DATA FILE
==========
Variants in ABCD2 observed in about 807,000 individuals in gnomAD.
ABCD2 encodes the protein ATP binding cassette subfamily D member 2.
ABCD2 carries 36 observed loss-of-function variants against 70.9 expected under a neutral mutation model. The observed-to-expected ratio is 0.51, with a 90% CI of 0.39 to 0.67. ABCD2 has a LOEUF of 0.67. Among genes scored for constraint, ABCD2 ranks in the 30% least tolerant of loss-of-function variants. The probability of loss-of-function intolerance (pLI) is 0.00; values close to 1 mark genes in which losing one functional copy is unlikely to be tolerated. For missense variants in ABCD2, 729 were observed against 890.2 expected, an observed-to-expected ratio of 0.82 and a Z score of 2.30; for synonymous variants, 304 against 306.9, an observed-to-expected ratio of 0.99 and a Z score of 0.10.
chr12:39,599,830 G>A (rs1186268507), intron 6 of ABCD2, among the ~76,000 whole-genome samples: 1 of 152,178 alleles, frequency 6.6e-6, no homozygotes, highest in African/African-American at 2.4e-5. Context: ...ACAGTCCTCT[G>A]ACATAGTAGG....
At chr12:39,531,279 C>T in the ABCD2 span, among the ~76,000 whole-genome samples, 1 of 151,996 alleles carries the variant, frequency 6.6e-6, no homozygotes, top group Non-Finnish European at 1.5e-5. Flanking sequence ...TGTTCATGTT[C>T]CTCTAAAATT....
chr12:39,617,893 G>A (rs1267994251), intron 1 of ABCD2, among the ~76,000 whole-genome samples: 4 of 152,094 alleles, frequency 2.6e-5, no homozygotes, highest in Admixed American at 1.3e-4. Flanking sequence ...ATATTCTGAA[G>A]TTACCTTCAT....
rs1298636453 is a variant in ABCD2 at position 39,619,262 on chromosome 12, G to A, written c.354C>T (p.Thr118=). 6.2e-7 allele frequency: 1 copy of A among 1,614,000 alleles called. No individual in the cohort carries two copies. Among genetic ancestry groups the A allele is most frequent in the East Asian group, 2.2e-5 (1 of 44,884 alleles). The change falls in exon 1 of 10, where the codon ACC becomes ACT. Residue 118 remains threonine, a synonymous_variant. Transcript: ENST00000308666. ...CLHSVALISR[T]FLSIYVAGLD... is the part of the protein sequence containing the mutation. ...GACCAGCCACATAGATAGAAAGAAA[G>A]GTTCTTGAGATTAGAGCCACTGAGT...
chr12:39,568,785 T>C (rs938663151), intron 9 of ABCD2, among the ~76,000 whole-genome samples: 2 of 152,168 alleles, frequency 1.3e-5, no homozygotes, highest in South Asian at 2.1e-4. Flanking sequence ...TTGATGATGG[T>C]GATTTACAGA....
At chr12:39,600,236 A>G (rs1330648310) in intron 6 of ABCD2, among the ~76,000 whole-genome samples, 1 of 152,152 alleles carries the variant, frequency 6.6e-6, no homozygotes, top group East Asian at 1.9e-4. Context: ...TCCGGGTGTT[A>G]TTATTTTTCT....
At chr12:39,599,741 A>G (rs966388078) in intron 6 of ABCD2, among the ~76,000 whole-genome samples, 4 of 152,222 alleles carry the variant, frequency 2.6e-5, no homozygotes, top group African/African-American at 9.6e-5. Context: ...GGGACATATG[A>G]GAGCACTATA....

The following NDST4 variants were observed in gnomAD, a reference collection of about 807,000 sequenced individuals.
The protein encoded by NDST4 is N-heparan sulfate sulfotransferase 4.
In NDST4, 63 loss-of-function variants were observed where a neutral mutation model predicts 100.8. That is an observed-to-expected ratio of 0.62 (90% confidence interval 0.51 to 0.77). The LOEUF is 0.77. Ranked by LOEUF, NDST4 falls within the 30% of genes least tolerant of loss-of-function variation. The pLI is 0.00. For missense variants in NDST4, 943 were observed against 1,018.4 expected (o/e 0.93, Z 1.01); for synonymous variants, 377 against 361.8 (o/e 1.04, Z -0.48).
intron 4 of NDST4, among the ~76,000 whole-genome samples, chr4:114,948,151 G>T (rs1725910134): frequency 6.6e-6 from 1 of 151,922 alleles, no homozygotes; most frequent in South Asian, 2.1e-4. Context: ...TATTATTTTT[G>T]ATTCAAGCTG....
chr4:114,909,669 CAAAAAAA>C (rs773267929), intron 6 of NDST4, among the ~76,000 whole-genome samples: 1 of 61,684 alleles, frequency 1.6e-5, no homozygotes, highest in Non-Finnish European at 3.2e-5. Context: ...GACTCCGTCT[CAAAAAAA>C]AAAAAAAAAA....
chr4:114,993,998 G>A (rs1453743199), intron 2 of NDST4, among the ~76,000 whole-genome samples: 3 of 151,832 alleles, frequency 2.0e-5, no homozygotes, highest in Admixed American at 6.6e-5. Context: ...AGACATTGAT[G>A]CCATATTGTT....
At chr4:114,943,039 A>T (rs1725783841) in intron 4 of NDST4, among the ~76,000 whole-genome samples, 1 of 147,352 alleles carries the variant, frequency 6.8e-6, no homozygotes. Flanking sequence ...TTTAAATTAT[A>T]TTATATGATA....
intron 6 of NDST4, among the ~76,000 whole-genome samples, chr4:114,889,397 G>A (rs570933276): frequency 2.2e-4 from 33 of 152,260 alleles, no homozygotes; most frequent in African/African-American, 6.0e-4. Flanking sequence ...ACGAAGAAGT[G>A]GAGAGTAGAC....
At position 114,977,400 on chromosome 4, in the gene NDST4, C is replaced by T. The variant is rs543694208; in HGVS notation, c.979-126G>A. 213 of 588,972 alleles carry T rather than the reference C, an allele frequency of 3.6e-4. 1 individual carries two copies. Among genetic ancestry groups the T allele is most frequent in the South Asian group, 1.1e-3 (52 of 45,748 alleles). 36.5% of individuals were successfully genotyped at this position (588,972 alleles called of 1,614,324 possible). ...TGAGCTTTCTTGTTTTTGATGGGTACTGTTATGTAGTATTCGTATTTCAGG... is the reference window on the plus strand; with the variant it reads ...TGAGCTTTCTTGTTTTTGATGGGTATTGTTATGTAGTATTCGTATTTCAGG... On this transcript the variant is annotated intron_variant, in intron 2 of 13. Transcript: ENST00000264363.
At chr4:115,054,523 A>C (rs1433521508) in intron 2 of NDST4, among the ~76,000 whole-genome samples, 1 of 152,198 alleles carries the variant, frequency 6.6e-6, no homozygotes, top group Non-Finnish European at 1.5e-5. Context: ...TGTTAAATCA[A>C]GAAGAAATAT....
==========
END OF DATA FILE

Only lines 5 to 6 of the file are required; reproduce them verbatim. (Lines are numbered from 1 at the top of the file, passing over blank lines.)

At chr12:39,531,279 C>T in the ABCD2 span, among the ~76,000 whole-genome samples, 1 of 151,996 alleles carries the variant, frequency 6.6e-6, no homozygotes, top group Non-Finnish European at 1.5e-5. Flanking sequence ...TGTTCATGTT[C>T]CTCTAAAATT....
chr12:39,617,893 G>A (rs1267994251), intron 1 of ABCD2, among the ~76,000 whole-genome samples: 4 of 152,094 alleles, frequency 2.6e-5, no homozygotes, highest in Admixed American at 1.3e-4. Flanking sequence ...ATATTCTGAA[G>A]TTACCTTCAT....